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Acupuncture and Chinese herbal medicine in the treatment of Premenstrual Syndrome

February 11, 2014


Premenstrual syndrome (PMS) refers to a wide range of symptoms occurring about a week before the onset of menses. Symptoms include mood swings, depression, irritability, anxiety, headache, insomnia, craving for sweets, fatigue, abdominal distention, breast tenderness and swelling, back soreness and pain, edema, feeling of cold, etc.Generally speaking, a woman with a perfectly balanced and harmonized body would not feel much difference in physical or emotion before menstruation. If you experience certain symptoms before menstruation, it means that your body has some imbalance. These imbalances, from the perspective of Chinese medicine, are generally related to blocked meridians, qi and blood stagnation, and weakness of internal organs. The most relevant organs are the liver, spleen, kidney, and heart.

Let’s briefly talk about the those four organs’ physiological functions according to traditional Chinese medicine, and their relationships with PMS.

The liver has a dispersive capacity, which means it is able to regulate the flow of qi. This function promotes blood circulation, fluid metabolism, digestion, emotional balance, and a woman’s menstrual cycle. In other words, if your liver’s dispersive function is normal, your energy should flow smoothly without obstruction. This helps blood circulation, fluid metabolism, and digestion. The emotional state will be happy and the menstrual cycle regular. Therefore, before menstruation, the symptoms of mood swings, depression, irritability, anxiety, breast tenderness and swelling, and water retention are related to dysfunction of the liver. The liver also has the function of storing the blood and regulating the volume of the blood. Some women have trouble falling asleep before menstruation. This usually indicates a deficiency of the liver blood or heart blood.

The spleen governs transportation and transformation, and controls the blood flowing within the vessels. Transformation and transportation refer to promoting digestion and absorption, the transport of nutrients, and water metabolism. The spleen also governs the lower abdomen, so that bloating and water retention are also related to deficiency of the spleen. Some women also crave for sweets before menstruation. Since the spleen is associated with the sweet taste, this craving for sweets often indicates imbalance and deficiency of the spleen. Also, some women bleed for well over five days. The flow seems unstoppable. We call this symptoms metrostaxis, which means a slight but continuous uterine hemorrhage. This is related to a dysfunction of the liver, which stores the blood, and the spleen, which controls the blood flowing within the vessels. I have recently treated one woman with this symptom. I used one base formula called “Jiaoai Soup” from the classical Chinese medicine book of Jin Gui Yao Lue, and added some herbs based on her own current physical condition and constitution. The problem was resolved in a quite short period of time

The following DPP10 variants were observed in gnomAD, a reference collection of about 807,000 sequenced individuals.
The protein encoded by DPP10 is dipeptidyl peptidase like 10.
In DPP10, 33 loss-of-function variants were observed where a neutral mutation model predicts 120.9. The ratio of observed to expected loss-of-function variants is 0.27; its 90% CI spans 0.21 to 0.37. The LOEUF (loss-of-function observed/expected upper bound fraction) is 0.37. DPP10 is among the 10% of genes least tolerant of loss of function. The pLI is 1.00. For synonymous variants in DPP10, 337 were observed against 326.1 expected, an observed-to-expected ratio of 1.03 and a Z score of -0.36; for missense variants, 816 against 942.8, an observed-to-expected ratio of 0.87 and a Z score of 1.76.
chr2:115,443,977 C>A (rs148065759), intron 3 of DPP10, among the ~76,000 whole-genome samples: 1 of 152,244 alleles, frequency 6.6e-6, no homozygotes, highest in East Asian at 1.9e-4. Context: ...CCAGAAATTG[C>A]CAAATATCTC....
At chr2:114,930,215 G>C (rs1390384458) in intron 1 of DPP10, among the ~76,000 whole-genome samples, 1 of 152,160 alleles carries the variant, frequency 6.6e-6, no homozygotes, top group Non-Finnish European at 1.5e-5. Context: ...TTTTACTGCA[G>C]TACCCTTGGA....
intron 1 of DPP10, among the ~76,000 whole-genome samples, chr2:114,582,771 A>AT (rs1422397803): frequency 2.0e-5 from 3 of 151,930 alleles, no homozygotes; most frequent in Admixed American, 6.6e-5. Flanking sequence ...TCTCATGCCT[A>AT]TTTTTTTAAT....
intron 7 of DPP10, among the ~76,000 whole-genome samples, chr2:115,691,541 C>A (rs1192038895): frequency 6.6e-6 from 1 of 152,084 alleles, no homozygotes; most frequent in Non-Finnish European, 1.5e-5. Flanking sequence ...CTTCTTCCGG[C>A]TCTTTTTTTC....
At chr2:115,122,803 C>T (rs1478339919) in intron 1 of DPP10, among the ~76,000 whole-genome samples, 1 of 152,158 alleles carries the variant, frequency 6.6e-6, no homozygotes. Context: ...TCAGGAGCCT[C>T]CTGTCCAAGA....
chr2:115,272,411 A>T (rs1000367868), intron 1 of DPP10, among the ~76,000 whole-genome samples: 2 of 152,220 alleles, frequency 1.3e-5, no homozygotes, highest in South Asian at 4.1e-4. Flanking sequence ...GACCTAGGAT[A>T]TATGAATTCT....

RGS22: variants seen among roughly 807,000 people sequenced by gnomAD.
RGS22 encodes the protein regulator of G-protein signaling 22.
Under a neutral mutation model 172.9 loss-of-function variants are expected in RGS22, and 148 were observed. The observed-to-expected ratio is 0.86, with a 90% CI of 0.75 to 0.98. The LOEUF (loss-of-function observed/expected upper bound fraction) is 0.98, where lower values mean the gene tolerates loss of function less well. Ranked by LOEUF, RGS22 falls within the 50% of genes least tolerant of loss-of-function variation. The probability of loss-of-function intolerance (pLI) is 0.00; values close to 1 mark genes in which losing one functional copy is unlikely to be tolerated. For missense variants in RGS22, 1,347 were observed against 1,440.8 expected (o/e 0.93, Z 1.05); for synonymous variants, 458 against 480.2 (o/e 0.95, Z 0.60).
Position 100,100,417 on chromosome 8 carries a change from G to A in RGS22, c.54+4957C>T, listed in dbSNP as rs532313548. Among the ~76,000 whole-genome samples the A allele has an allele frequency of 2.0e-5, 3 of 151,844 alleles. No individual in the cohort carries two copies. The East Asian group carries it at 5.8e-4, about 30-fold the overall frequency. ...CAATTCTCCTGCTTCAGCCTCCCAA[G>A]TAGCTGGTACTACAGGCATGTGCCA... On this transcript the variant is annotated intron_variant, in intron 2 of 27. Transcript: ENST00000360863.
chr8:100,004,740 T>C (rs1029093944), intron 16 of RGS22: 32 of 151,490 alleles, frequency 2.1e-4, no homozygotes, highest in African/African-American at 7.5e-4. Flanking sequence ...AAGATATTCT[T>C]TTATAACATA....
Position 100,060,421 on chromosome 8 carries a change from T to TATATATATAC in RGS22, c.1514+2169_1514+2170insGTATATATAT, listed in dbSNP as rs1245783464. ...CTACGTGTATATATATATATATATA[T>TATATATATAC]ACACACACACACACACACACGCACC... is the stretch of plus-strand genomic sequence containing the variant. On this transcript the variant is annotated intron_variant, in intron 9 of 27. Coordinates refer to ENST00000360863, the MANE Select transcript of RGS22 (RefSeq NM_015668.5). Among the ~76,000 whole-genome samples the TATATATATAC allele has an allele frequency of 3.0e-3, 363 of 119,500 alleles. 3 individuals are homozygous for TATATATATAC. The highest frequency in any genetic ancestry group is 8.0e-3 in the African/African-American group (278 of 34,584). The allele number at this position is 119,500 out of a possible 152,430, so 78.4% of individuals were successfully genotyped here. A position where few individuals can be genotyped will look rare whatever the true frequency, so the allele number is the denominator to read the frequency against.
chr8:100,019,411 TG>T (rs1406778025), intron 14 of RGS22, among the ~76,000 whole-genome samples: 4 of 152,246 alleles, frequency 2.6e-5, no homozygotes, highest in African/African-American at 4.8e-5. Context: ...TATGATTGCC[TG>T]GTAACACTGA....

The kidneys are viewed as the origin of life. They control the growth and development of the body. They are also responsible for reproduction, water metabolism, the reception of energy through breathing, and they producing marrow, which is traditionally said to make up the brain and manufacturing blood. The kidneys’ yang energy also warms up the surrounding organs. The kidneys are located in lumbar region. Therefore, before menstruation, symptoms of fatigue, anxiety, soreness and pain in the lower back, water retention and feeling cold are mostly related to deficiency of the kidneys and blockage of the meridians.

Finally, we need to talk about the function of the heart. The heart governs the blood and is in charge of mental activities. A lot of women with PMS have constitutionally cold hands and feet. In other words, these women have a deficiency of kidney and heart yang. Therefore, before menstruation, symptoms of feeling cold and having trouble falling asleep are mostly related to a weakness of heart yang energy and a deficiency of heart blood.

Early on in my practice, I have used acupuncture and Chinese herbal medicine to help to tune up a lot of female patients’ physical constitution. Clinically, treating their problems begins by doing a diagnosis based on their signs and symptoms. With a correct diagnosis, effective treatment is very likely. If a patient does not have a serious disharmony of heat versus cold or yin versus yang requiring immediate attention, I will usually ask her to come twice a month for acupuncture treatments, and take four to six packs of raw herbs before, during and after menstruation cycle . If they follow the treatment course and my dietary guidelines, improvement will be seen within the first month of treatment. After three to four months of regular treatments and tune ups, most of the PMS symptoms will disappear. Their physical constitution will be greatly improved. This kind of tune up also promotes health in general, builds a good foundation of body self-healing capability and prevents a lot of future illnesses.

Written By Sophia Tang


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